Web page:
Data stealing apps (in Android and iOS) require permissions way beyond what is needed to do their job. They are stealing your data to sell it. Channel Seven Sunrise GadgetGuy speaks to the Sunrise team.
Samantha Armitage: Did you read the terms and conditions before you downloaded each app?
David Kosh: No, I just pressed accept.
Samantha: Candy Crush – a simple game – has 28-pages of Terms and Conditions. It even gains access to the contacts in your phone. And if you use it through Facebook, it gets information about you, your interests and general location. Some apps are more like spy tools – they can turn on the audio and listen to your conversations, it’s able to read texts and even connect to your camera.
All without your knowledge.
Val Quin: It is crazy. The terms and conditions are so difficult to read, and we just want to use the app, so we click ‘I agree’. You have just given that app permission to do whatever the T&Cs says it can do with your data.
Samantha: What can people do to protect personal information?
Val uses an Apple iPad to demonstrate accessing its Privacy settings. It is similar on Android, just go into Settings and Apps.
He showed the types of information apps collect. Location, contacts, calendars, reminders, photos, microphone, camera, HomeKit and much more.
For example, under location (enabled by GPS, Wi-Fi or store beacons etc.) you must ask why things like Facebook (social media) Evernote (word processor) needs to know where you are. Of course, Maps, Weather, Camera, your bank etc., do need to know. But Uber defaults to use your location all the time instead of when you use the app – so switch it to the latter.
Val: The best advice is to go through all of these apps and set relevant permissions. If they stop working (and most won’t), then get rid of them.
Koshie: Are there any data stealing apps we should be wary off?
Val: Any free app because its product is you (it monetises your personal data). Be wary of apps that want access to contacts, microphone, camera gallery, etc. Ask why they would need that.
Samantha: Are we going to see more legislation to protect us?
Val: I was amazed at the lack of depth the US Senate questions were to Mark Zuckerberg, CEO of Facebook. It demonstrated how little they know. There is a huge way to go. Legislation is needed, so much so that it may put these devious data collectors out of business if they comply.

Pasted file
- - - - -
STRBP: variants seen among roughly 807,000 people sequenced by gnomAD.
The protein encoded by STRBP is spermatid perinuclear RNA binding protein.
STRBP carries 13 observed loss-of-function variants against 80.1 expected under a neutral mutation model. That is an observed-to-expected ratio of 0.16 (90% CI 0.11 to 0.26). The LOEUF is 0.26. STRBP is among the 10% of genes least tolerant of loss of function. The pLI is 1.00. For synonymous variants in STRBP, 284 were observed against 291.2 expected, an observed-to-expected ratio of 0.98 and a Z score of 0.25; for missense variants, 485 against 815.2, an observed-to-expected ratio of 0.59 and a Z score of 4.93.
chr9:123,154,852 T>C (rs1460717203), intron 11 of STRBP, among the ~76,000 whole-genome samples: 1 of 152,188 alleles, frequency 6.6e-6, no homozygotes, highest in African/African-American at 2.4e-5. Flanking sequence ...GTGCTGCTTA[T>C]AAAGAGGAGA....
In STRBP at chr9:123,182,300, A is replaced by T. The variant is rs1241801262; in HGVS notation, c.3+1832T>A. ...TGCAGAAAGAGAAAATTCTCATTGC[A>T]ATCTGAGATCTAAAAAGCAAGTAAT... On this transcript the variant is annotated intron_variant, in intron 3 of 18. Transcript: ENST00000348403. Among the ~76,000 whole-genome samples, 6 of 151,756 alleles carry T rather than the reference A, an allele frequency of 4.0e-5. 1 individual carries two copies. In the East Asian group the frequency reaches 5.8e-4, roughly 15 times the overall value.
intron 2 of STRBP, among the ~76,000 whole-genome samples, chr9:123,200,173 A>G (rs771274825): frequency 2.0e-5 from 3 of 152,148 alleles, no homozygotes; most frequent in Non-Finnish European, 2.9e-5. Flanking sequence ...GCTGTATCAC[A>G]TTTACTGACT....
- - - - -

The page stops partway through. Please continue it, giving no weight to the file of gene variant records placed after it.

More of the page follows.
As a start, we need to be told what information is collected and have the option to refuse that.
Developers are getting sneakier at jusitfying data stealing apps
Want access to your contacts? That is to allow you to share more easily on social media (and gives us access to others we can steal data from).
Why do you need to location? Hey, what about automatic adjustment for daylight saving (and we can track your every move)
How is my calendar used? So, we can set reminders (and order that Uber in time!)
Why my camera? In case you need to scan pesky 3D barcodes (and to face recognise oll your friends)
And on and on and on.
The greatest threats will come from AI ‘voice assistants’ that need everything – calendar, contacts, email, location, SMS, storage (that includes all your files and documents), telephone, microphone, camera, picture gallery and so much more just in case you need their help. You are going to have to trust Apple, Microsoft, Samsung, Google or Amazon if you want to use them.
GadgetGuy’s take – data stealing apps mine for the new gold
Just as the #MeToo movement outed inappropriate behaviour, the #DeleteFacebook movement is outing abuses of personal privacy on a huge scale.
It is not just Facebook’s 2.2 billion users that should feel violated but every time we search (via Bing, Google or other search engines), buy food at the Supermarket and flash Flybuys, or even order an Uber the product is you.
Banks/finance, insurance, utilities, comparison websites, retail and online stores, loyalty cards and more – all collect masses of PII.
Coles Flybuys, Qantas Frequent Flyer, Virgin Velocity, Woolworths Rewards and many store cards appear safe. But they know so much through their partner network it is scary. They share data freely with those partners that can afford it.
Comparison websites are a very deep, dark, rabbit hole that you should never go down. Sure, some are slightly better than others privacy-wise. But they all want masses of PII to enable them to compare everything from mobile phone plans to health insurance. Not only do they get commissions from so-called objective comparisons, but they gain information to sell to partners.
It is scary how granular that information is (what your shoe size is, what coffee you like and where you buy it, and more.
Fact: There is nothing legally or morally you can currently do to stop abuses of your PII except be vigilant.